However, not every school has a music curriculum. I was sent to a public school and sometimes taught art and life skills. I taught subjects other than music. I taught in public schools for about 10 years before I went to university majoring in music.

Battling Insecurities: Interview With Music Teacher Jeannie Hooi Part 1 (4)

That is much later in my life. That’s after I gave birth to two children when I was 30 something. I went to a university of Malay. The bachelor degree is called Performing Arts. I majored in piano and minored in vocals. It was a hard road; I never stopped teaching piano privately. After I finished my degree, I continued teaching in public school because I was guaranteed a job there.

Ultimately, how did you decide you want music to be your actual career?

When you come to a certain point in your life, you want to do something fun and while having a job. It’s definitely music for me, because it’s something I find interesting.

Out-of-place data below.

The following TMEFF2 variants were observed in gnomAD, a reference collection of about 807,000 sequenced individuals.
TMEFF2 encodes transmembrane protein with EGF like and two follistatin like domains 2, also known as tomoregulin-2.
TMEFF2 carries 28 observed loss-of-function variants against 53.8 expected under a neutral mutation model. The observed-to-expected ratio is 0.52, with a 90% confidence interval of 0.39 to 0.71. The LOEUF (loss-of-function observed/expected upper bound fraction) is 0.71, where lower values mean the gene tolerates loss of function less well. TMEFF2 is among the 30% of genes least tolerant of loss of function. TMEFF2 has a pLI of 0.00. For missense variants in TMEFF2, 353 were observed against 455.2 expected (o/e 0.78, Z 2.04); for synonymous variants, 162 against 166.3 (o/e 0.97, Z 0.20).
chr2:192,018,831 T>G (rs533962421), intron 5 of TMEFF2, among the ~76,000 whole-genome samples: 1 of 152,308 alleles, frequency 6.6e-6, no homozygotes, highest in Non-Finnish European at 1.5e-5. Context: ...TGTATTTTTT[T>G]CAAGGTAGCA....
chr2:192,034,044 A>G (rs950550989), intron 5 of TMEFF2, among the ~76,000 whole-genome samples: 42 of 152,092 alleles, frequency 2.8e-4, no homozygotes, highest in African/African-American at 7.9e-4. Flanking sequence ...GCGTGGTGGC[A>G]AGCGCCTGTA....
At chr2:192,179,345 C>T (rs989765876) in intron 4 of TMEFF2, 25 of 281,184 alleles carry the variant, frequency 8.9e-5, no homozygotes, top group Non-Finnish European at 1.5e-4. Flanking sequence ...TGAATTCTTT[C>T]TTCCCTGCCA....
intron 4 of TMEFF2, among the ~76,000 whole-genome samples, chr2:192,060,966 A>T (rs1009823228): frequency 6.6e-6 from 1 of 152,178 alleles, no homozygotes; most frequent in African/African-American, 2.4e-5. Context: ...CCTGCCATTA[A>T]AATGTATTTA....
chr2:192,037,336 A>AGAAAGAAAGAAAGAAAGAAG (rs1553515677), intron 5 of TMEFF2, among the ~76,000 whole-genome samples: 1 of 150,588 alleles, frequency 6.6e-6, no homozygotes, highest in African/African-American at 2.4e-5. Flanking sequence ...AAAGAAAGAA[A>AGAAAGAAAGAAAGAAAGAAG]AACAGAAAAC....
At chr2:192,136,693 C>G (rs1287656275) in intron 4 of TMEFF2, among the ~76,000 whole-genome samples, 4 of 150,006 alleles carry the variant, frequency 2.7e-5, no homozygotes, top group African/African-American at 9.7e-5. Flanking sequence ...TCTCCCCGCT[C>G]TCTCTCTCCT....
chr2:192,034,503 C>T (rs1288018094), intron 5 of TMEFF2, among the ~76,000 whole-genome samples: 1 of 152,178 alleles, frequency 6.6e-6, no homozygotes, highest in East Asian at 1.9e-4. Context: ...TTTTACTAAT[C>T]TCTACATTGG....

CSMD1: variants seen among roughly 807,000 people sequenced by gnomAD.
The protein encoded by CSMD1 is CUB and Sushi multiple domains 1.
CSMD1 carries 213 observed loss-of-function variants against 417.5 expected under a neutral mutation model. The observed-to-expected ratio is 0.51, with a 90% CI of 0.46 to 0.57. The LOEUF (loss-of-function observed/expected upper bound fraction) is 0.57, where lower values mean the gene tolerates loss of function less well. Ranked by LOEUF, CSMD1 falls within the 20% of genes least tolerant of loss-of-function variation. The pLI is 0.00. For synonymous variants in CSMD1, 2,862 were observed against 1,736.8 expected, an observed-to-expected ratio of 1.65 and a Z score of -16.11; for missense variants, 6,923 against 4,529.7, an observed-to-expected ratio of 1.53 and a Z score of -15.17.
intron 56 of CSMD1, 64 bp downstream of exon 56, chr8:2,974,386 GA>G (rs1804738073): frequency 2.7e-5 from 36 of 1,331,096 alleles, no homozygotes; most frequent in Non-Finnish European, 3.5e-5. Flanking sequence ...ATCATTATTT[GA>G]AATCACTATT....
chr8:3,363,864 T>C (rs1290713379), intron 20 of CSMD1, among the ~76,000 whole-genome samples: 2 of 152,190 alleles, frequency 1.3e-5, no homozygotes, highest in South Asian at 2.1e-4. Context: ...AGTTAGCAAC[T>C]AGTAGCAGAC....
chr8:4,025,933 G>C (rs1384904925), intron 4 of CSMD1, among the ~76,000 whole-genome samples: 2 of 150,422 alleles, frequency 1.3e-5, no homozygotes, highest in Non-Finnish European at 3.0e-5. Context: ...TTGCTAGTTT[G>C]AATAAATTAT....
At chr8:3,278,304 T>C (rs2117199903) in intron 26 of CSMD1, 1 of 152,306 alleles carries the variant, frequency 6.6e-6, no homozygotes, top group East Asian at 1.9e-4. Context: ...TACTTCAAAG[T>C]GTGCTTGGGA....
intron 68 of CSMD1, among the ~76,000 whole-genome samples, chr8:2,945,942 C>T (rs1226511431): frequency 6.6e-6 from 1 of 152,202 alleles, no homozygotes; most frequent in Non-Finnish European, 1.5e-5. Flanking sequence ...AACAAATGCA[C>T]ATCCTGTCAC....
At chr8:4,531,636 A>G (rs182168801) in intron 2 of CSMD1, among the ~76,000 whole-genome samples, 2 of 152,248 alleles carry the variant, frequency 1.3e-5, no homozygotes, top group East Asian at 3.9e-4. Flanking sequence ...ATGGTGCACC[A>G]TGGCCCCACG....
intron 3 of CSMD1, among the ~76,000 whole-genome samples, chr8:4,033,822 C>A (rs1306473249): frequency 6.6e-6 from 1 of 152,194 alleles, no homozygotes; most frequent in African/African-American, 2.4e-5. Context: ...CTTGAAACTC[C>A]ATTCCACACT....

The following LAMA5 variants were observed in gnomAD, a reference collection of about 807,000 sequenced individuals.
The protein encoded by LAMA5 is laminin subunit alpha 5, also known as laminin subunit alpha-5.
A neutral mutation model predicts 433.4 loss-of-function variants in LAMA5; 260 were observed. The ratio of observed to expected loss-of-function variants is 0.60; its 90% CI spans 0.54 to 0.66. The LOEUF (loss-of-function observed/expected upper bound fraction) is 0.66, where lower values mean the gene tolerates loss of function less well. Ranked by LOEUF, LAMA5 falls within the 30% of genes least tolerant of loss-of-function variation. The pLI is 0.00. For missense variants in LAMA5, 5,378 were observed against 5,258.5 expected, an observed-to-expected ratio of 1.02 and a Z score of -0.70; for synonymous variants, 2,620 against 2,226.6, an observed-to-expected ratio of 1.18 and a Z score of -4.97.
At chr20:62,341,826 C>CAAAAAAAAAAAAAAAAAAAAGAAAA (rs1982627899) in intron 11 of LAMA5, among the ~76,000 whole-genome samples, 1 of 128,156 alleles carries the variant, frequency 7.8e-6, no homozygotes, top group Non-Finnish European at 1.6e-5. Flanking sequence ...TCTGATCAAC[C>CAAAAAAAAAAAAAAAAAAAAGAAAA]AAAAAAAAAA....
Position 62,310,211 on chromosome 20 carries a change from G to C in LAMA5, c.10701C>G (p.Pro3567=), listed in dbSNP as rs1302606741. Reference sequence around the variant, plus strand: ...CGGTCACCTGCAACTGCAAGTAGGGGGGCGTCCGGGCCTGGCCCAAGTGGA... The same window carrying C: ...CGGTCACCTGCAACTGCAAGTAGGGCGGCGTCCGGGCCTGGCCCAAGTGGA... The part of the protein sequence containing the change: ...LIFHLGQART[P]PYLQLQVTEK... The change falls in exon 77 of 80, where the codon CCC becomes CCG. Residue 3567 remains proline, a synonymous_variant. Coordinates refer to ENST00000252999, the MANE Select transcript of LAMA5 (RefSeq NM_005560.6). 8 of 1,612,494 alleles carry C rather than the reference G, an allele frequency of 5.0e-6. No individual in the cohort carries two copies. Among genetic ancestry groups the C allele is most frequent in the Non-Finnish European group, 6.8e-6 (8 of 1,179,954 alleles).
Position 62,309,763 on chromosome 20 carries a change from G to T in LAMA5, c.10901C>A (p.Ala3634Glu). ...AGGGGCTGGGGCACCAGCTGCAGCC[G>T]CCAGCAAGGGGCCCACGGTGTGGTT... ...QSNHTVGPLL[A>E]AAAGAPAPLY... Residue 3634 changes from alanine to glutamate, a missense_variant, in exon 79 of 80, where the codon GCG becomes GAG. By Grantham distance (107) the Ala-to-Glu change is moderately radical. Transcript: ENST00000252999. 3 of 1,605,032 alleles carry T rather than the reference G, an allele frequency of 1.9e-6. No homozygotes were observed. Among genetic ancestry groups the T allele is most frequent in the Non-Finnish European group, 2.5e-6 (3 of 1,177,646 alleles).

Battling Insecurities: Interview With Music Teacher Jeannie Hooi Part 1 (5)

I think you will laugh at me, but after high school, I don’t want to learn anything else. I don’t want to be anything. I just wanted to learn music and instruments. Any musical instrument, I will go and learn. After high school, I was teaching but I picked up the flute anyways. I learned the organ and I became a church organist. In church I learned guitar. I love it. You see, I wanted to pick up the cello, but I had no time. So this is me, all right. I’m not very academic, but I love learning musical instruments. Once you learn the piano, everything else is easier. You can pick them up quickly.